You are grabbed by a bombardment of police officers, immediately your hands are forced behind your back as the steel shackles are thrown around your wrists. They’ve got the wrong person! You are no criminal!
After a short journey escorted by a platoon of police cars, officers and sniffer dogs you arrive at the station. You are now being investigated in police custody…I bet you hope the detectives know you aren’t lying when you proclaim your innocence.
Sound like a scary story? A study conducted by Mann et al aimed at discovering how effective police officers are at distinguishing lies from truths.
The participants were 99 police officers with an average age of 34. The officers were shown 54 video clips of 14 suspects.
After each clip the officer were asked to say if they thought the suspect was lying or telling the truth and how confident they were in their response. They were also asked to list the cues that brought them to their decision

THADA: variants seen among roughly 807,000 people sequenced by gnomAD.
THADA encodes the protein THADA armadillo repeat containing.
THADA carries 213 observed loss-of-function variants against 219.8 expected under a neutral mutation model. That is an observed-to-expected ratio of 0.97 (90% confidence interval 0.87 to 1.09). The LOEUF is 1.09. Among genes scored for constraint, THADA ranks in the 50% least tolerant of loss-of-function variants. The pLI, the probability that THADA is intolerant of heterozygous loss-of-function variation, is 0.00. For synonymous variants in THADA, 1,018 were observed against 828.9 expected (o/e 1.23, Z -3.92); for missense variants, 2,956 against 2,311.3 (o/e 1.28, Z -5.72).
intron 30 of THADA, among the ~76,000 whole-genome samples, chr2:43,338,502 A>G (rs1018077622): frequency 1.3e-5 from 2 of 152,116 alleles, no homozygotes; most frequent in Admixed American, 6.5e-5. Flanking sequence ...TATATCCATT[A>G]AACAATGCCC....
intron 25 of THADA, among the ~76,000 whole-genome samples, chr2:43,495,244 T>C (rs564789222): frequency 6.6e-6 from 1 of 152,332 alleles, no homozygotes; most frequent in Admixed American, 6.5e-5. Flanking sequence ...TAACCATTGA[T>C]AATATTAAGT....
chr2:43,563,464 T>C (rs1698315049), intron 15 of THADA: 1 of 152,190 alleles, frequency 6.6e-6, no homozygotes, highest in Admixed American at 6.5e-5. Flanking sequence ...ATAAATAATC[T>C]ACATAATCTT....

66 per cent of the time the officers accurately detected suspects telling the truth and 64 per cent of the time officers accurately detected lies.
Mann et al found that the more experienced an officer was the better they were at detecting lies. He also found that officers who were better at detecting lies did so by following the story suspects gave them, rather than the suspects’ body language.
The research did show, however, that gaze was the most commonly detected feature of a lie.
It was concluded that the officers’ ability to detect lies and truths were greater than chance.
Picture: Donnie Nunley